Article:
In this episode, Barbara and Elizabeth discuss:

  • Breaking the patterns of habitual or emotional eating and the well-worn paths to the kitchen.
  • 3-Step plan for breaking the patterns.
  • Checking in to your emotions and recognizing how it is affecting your body.

Key Takeaways:

  • Being aware of our actions is half the battle to changing those habits.
  • Plan your meals for the following day the night before – when we plan, we are using our prefrontal cortex to make decisions. In the moment, unplanned, we use the emotional part of the brain. 
  • Pay attention to the emotions that you are feeling – they are there for a reason.
  • Self-care is for everyone, not just women.

“We are emotional beings and it is okay to feel this way right now.” —  Elizabeth Sherman


Barbara:         Welcome to another great episode of Marketing Tips for Doctors. This is your host, Dr. Barbara Hales.

Today, we are fortunate to have Elizabeth Sherman. She is a life and weight loss coach who works with mostly women to lose weight and feel better through managing easy-to-do sustainable habits like diet, exercise, sleep and stress management.

Using certain cues including cravings, hunger, energy, stress and sleep, she helps folks design the right health program for their body and lifestyle and address the obstacles and barriers we encounter when trying to be consistent in our desired habits.

We can achieve optimal health which leads to better energy, focus, productivity, relationships and happiness in our lives. Elizabeth is a Chicago native but now lives in Puerto Morelos, Mexico. Due to the amazing advancements in technology, she meets with her clients online. She is a certified life coach, nutritionist, personal trainer and health coach. Welcome Elizabeth.

Elizabeth:      Thank you. It’s awesome to be here. Thanks for having me.

Barbara:         Well, you couldn’t have come at a better time because now that we are all in self-isolation and being sequestered, there is a well-worn path between wherever we are in the house and the refrigerator and back, and the kitchen cabinets and back. So, share with us how we could stop and break that because a lot of us with stress are eating out of boredom or due to high emotion level which we’re all on now. What is your advice about that?

Elizabeth:      Right. I mean, this is something that I’m just getting bombarded with. All of my clients are like, oh my gosh, I have to work at home now and all of a sudden, I’m just finding myself in the kitchen staring aimlessly into the pantry or the cupboards looking for something to eat and I don’t know what to do. So yeah, you’re not alone if that’s something that you are doing. And you know, this is actually something that even though I’m a health coach, it’s actually a process that I went through as well.

I actually have a three-step plan for the listeners to, you know, do when they find themselves in this situation. And I think that the first thing is awareness. So being aware of what it is that we’re doing is going to be half the battle to conquering any situation. And so for me, I know that once I started paying attention to my hunger signals that that was a huge turning point for me. Because when we’re looking in the pantry or the refrigerator for something to eat, being aware of “am I actually hungry?” is a really good question to ask yourself. Is that something that you do?

Barbara:         Unfortunately, when we’re doing that, it’s not even a question of hunger as you know. It’s a question — It seems to be like we turn into zombies and it’s this evil spirit that is like forcing us.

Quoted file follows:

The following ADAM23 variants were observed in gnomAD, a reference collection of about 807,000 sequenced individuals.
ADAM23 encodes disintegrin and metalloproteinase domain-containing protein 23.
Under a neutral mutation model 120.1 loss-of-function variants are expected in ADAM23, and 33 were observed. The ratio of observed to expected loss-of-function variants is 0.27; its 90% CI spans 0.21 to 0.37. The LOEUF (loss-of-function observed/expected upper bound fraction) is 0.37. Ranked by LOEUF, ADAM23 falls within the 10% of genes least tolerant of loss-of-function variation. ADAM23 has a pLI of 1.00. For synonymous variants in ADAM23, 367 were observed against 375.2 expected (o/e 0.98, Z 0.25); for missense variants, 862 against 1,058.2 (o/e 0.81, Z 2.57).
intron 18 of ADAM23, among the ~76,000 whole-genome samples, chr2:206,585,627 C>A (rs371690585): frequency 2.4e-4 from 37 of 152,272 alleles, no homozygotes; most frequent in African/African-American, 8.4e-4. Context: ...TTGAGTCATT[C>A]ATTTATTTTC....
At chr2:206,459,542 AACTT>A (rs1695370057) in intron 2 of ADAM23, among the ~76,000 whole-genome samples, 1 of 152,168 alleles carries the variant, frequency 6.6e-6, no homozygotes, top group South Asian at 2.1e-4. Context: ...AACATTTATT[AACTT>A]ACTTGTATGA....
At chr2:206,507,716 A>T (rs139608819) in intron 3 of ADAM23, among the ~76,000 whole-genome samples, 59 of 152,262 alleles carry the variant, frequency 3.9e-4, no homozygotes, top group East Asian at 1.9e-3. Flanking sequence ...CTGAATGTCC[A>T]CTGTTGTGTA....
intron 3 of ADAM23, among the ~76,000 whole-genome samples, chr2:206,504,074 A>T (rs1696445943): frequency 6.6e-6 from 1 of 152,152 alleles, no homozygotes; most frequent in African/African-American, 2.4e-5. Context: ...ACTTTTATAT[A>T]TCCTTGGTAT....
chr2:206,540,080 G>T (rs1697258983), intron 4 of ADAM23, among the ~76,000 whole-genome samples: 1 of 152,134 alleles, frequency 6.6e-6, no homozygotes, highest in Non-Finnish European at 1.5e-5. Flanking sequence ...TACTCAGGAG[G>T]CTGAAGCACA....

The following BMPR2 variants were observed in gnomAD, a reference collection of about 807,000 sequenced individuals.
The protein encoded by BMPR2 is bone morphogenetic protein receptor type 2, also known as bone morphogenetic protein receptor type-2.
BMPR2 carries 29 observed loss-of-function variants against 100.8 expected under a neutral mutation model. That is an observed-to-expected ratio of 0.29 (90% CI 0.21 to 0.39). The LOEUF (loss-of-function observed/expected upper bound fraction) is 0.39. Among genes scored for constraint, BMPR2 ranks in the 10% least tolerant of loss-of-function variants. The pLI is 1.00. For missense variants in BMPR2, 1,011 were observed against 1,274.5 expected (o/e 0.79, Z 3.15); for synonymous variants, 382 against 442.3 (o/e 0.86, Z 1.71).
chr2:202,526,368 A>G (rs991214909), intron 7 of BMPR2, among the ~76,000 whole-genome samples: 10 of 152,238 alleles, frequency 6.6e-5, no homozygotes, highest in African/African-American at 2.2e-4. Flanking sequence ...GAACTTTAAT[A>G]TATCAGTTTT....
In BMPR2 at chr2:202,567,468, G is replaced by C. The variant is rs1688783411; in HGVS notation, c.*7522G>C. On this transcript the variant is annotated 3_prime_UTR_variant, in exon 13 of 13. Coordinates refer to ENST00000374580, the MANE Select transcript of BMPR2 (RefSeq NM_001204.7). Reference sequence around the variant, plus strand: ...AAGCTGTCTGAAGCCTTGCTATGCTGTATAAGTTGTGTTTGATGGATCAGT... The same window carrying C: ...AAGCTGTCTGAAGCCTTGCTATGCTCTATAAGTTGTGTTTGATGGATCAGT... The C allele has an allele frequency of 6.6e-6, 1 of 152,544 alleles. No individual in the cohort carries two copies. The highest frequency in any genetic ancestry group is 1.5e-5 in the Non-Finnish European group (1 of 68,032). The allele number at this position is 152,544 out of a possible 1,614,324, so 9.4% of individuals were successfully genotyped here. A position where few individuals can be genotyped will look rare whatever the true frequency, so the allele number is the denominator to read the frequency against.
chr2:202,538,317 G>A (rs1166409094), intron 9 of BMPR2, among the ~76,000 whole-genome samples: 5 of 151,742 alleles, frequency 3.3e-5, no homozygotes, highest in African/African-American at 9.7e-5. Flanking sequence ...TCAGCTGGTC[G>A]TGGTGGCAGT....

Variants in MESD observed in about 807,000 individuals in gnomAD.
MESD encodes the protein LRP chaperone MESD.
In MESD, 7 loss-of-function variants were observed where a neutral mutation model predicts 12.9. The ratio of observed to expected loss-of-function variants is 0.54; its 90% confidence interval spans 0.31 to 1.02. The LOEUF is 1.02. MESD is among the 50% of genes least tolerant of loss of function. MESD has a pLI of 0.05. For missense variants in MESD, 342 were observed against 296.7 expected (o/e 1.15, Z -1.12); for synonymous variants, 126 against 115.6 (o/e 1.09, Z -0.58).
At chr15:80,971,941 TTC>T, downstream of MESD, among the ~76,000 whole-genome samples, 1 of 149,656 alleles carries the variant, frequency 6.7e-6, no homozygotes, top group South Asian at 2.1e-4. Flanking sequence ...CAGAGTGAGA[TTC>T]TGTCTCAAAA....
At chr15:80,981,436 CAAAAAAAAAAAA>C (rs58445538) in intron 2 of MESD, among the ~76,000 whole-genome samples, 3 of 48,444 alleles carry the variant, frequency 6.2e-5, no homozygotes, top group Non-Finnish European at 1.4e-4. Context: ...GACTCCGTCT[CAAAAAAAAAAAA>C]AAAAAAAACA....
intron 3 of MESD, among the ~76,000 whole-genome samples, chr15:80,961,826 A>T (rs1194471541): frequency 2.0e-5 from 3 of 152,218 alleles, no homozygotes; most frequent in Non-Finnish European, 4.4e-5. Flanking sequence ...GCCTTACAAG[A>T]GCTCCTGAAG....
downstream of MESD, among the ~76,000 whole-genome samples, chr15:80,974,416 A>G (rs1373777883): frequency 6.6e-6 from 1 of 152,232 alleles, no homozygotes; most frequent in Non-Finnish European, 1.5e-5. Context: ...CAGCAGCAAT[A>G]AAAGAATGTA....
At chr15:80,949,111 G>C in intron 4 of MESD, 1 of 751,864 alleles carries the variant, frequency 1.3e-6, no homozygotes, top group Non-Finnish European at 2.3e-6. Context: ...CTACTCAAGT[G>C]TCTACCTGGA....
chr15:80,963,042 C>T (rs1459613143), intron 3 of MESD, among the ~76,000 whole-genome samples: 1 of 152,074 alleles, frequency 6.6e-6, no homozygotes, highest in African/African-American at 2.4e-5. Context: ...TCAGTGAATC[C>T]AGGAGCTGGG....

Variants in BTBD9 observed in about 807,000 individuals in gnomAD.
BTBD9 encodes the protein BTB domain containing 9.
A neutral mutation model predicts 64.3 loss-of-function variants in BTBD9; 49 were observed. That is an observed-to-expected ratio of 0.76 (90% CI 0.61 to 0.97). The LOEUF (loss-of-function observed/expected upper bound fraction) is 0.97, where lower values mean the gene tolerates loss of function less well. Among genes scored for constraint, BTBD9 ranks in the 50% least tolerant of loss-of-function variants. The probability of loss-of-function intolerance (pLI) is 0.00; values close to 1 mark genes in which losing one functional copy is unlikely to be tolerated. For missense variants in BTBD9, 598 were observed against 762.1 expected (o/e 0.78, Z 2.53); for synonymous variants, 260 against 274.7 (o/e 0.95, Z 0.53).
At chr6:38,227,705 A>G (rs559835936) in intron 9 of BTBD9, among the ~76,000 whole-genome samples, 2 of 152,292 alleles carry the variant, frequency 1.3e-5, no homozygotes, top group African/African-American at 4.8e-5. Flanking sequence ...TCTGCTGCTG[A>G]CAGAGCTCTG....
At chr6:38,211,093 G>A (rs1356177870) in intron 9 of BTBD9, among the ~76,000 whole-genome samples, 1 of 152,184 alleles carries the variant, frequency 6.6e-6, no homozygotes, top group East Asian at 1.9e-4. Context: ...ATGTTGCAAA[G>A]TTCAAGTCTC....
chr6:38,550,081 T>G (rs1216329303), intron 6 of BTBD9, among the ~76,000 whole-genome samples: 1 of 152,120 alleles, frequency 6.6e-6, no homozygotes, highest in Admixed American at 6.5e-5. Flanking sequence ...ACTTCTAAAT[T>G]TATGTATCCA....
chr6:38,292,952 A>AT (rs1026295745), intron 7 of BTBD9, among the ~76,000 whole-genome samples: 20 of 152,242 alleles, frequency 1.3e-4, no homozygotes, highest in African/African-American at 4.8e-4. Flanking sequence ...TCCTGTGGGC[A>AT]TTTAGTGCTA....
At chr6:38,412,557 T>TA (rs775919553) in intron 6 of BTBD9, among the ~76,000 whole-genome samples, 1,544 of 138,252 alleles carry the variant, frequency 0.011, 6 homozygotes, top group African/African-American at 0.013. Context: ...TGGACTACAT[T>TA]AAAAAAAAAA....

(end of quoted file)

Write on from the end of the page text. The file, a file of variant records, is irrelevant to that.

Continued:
Elizabeth:      This evil spirit is forcing me to eat. Okay, so then when you know that you’re not eating because of hunger, then you’re eating either out of habits or you’re eating out of emotion. Okay. So, let’s talk about the habit loop first. So oftentimes when we do something out of habit, we started doing it for one reason but we continue doing it for potentially another reason. But there’s always some sort of payoff whenever we establish a habit.

The habit loop is that you have a cue and then you have your routine that you do and then you have your reward. The cue might be, it could be an emotion. The cue could be I’m bored or I don’t want to do this proposal or I don’t want to work on this thing that I said that I was going to do. I’m going to distract myself and I’m going to see what’s interesting in the kitchen. And then that would be your routine, is walking to the kitchen, going to find something to drink or something to eat. And then your reward is, you know, the reward of eating and getting your dopamine hit. So, you need to figure out whether you are eating because of emotion or because of habit. Okay.

Barbara:         Well, let’s say the overeating is due to emotion. How can they overcome it?  You know, some people are obviously feeling a lot more stress being isolated or, you know, they’re on high emotional alert.

Elizabeth:      Yeah.

Barbara:         So knowing that, do you suggest having a grab bag of healthy food in the refrigerator? Or how else do we break that loop?

Elizabeth:      Yeah. Good question. So yeah, there are a couple of different strategies. I mean, clearly, the best strategy is to not eat, to be aware of it and say, no, I’m not going to do this and then go back to what it is that, you know, you were planning on doing anyway. But you know, right now as you said, we are in this heightened emotional state of having lots of anxiety and so on and so forth.

What I suggest that my clients do — And this is the second step. The first step is awareness. The second step is actually planning out what it is that you’re going to eat the following day. Okay. So, you need to do it 24 hours beforehand or the night before. And the reason for this is because when we’re planning, we are actually using our prefrontal cortex to make decisions.